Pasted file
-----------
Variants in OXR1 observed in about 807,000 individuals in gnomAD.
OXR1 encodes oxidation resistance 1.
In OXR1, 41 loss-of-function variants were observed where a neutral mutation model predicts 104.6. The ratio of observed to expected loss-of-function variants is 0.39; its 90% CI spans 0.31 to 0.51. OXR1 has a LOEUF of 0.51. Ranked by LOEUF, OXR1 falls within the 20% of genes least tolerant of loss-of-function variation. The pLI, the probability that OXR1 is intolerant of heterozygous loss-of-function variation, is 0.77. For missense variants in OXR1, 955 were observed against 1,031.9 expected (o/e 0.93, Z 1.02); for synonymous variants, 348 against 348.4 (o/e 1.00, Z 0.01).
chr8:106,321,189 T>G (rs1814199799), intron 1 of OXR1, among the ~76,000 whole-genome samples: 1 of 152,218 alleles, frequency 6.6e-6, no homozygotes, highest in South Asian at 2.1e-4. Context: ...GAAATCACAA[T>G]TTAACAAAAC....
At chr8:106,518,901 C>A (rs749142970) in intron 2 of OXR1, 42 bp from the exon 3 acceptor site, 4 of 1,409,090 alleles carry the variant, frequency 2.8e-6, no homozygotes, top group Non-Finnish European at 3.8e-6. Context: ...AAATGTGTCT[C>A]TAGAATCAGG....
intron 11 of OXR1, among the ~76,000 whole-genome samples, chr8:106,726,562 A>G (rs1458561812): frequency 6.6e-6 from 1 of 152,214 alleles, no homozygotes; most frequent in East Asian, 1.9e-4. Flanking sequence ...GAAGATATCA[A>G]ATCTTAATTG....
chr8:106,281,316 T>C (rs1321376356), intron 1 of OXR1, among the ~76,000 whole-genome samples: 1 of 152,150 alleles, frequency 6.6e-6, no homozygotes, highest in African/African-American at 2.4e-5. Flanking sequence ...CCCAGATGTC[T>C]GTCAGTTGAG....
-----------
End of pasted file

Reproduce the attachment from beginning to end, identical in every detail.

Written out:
Variants in OXR1 observed in about 807,000 individuals in gnomAD.
OXR1 encodes oxidation resistance 1.
In OXR1, 41 loss-of-function variants were observed where a neutral mutation model predicts 104.6. The ratio of observed to expected loss-of-function variants is 0.39; its 90% CI spans 0.31 to 0.51. OXR1 has a LOEUF of 0.51. Ranked by LOEUF, OXR1 falls within the 20% of genes least tolerant of loss-of-function variation. The pLI, the probability that OXR1 is intolerant of heterozygous loss-of-function variation, is 0.77. For missense variants in OXR1, 955 were observed against 1,031.9 expected (o/e 0.93, Z 1.02); for synonymous variants, 348 against 348.4 (o/e 1.00, Z 0.01).
chr8:106,321,189 T>G (rs1814199799), intron 1 of OXR1, among the ~76,000 whole-genome samples: 1 of 152,218 alleles, frequency 6.6e-6, no homozygotes, highest in South Asian at 2.1e-4. Context: ...GAAATCACAA[T>G]TTAACAAAAC....
At chr8:106,518,901 C>A (rs749142970) in intron 2 of OXR1, 42 bp from the exon 3 acceptor site, 4 of 1,409,090 alleles carry the variant, frequency 2.8e-6, no homozygotes, top group Non-Finnish European at 3.8e-6. Context: ...AAATGTGTCT[C>A]TAGAATCAGG....
intron 11 of OXR1, among the ~76,000 whole-genome samples, chr8:106,726,562 A>G (rs1458561812): frequency 6.6e-6 from 1 of 152,214 alleles, no homozygotes; most frequent in East Asian, 1.9e-4. Flanking sequence ...GAAGATATCA[A>G]ATCTTAATTG....
chr8:106,281,316 T>C (rs1321376356), intron 1 of OXR1, among the ~76,000 whole-genome samples: 1 of 152,150 alleles, frequency 6.6e-6, no homozygotes, highest in African/African-American at 2.4e-5. Flanking sequence ...CCCAGATGTC[T>C]GTCAGTTGAG....